By Aaron Hillis
By Casey Burchby
By Stephanie Zacharek
By Calum Marsh
By Kera Bolonik
By Stephanie Zacharek
By Ernest Hardy
By Eric Hynes
Otto Preminger must hold some sort of record for one of the longest stretches of provocative and intelligent mainstream filmmaking in American cinema. Proclaimed an auteur by the Cahiers du Cinéma critics in the '50s, he's often had a rougher time with American reviewers. Like Hitchcock, Preminger created an outrageous media persona to promote his flicks: He was reputedly a tyrant with actors and crew. But the Austrian-born director could make big pictures that retained intimacy. Most of his varied movies share a cool and detached objectivity, with gliding, probing camerawork often in the service of extremely long takes.
Laura (1944), his first major hit, is the sleekest noir ever made, a sharply written study of obsession set in the chic, well-lit world of New York café society. Although leading actress Gene Tierney is missing for most of the screen time, her presence is felt thanks to David Raksin's haunting title song. Never has a piece of theme music been so skillfully used as an essential part of characterization.
When his contract with Fox expired, Preminger happily struck out on his own as an independent. He produced and directed The Moon Is Blue(1953), a romantic comedy imported from Broadway. It became the scandal of the year when Preminger refused to make a few dialogue cuts demanded by the Production Code: This innocuous picture was the first wide-release American film to hit theaters without a Code seal. The controversy made the movie a smash and established its director as a powerful independent. (MOMA's nine-film retro includes not only The Moon Is Blue, but the rarely shown German-language version, shot by Preminger alongside the American film.)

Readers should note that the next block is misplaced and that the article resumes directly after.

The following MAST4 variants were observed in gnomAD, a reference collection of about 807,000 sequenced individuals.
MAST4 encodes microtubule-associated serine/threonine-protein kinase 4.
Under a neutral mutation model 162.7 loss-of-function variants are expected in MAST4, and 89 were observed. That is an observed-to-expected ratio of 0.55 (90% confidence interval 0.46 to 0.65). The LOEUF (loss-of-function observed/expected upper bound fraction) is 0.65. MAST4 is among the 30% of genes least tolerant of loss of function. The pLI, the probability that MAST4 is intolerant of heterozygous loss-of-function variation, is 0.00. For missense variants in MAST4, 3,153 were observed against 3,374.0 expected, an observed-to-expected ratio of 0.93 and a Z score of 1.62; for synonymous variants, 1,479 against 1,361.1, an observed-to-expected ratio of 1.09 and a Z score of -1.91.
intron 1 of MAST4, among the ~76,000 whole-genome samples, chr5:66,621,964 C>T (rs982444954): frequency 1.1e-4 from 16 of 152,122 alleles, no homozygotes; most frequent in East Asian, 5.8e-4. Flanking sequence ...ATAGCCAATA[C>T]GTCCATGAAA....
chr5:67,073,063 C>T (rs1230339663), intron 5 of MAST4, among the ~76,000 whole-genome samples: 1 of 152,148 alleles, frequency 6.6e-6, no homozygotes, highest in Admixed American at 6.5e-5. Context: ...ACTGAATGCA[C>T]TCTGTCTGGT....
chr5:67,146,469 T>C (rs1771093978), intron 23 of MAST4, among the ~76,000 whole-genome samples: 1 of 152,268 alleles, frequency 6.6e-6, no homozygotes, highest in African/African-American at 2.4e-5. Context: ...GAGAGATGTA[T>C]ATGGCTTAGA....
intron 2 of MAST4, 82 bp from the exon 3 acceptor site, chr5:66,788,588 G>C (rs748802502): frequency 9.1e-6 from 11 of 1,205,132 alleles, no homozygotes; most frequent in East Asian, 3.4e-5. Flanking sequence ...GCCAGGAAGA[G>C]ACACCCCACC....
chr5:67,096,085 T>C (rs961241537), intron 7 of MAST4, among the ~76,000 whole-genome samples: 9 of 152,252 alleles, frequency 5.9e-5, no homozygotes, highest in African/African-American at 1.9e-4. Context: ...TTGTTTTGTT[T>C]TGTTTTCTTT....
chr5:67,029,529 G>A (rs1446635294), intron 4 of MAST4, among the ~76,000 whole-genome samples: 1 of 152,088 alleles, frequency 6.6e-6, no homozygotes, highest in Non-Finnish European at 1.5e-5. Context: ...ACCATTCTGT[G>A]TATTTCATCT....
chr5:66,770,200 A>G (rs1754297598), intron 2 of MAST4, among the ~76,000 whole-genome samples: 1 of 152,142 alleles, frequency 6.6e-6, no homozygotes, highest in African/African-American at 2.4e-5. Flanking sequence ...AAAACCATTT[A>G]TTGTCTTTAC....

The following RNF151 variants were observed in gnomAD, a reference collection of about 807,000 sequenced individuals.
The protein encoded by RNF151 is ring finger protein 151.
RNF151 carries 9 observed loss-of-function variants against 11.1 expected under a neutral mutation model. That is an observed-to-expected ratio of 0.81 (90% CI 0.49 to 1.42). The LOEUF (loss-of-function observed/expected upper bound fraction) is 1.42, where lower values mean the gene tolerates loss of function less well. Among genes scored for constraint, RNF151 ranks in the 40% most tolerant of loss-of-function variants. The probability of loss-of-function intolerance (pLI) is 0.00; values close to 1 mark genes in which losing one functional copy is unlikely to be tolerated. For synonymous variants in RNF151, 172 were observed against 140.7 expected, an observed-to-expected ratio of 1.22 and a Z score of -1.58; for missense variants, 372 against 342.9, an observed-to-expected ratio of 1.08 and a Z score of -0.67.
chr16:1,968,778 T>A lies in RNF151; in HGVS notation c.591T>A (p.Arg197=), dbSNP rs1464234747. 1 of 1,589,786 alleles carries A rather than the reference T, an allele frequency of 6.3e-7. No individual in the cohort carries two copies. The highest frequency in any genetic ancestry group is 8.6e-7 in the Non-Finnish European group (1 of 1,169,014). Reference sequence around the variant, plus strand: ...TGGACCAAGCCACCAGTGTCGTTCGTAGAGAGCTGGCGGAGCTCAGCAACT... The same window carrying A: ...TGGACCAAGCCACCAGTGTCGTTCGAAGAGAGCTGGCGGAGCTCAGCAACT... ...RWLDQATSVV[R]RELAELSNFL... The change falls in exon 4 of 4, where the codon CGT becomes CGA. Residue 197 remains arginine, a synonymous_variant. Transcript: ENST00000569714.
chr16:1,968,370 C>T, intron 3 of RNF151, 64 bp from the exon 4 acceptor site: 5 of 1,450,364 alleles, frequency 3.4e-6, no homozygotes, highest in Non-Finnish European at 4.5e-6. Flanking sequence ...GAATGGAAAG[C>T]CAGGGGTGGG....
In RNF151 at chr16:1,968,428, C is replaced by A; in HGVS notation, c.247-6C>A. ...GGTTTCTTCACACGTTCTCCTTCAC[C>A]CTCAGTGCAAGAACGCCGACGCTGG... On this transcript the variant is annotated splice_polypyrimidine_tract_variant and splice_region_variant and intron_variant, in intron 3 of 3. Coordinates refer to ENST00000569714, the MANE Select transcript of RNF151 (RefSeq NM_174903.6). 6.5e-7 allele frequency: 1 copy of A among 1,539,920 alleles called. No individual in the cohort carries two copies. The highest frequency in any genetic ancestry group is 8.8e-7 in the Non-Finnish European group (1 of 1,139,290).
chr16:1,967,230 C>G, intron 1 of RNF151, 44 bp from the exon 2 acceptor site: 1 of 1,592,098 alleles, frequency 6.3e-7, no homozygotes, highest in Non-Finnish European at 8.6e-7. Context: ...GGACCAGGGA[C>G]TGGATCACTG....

In Carmen Jones (1954), his electric all-black film of Oscar Hammerstein's musical comedy (of Georges Bizet's opera of Prosper Mérimée's story), the freshness and economy of the direction give new life to the familiar material. Dorothy Dandridge delivers a powerhouse performance in the title role (no other movie used her so well). Jean Seberg, who had suffered a critical drubbing for her screen debut in Preminger's underrated Saint Joan (1957), came into her own in his Bonjour Tristesse (1958), based on Françoise Sagan's novel about the too-close attachment between a womanizing papa and his teenage daughter. Preminger hits the right notes of sensuous perversity throughout. A number of American reviews said it wasn't French enoughit turned out to be a boffo hit and critical triumph in France.
With Exodus (1960) and Advise and Consent (1962), Preminger tackled two huge doorstop novels on big subjects. The former, on the birth of the state of Israel, is sprawling and overlong, but has a few powerful moments. The latter is a fascinating behind-the-scenes view of the Washington, D.C., power elite during the hearings and vote on a newly appointed secretary of state. The great Charles Laughton, in his final screen role, delivers a bravura performance as a slick Southern senator. It was also the first Hollywood movie since pre-Code days to venture into a gay bar.
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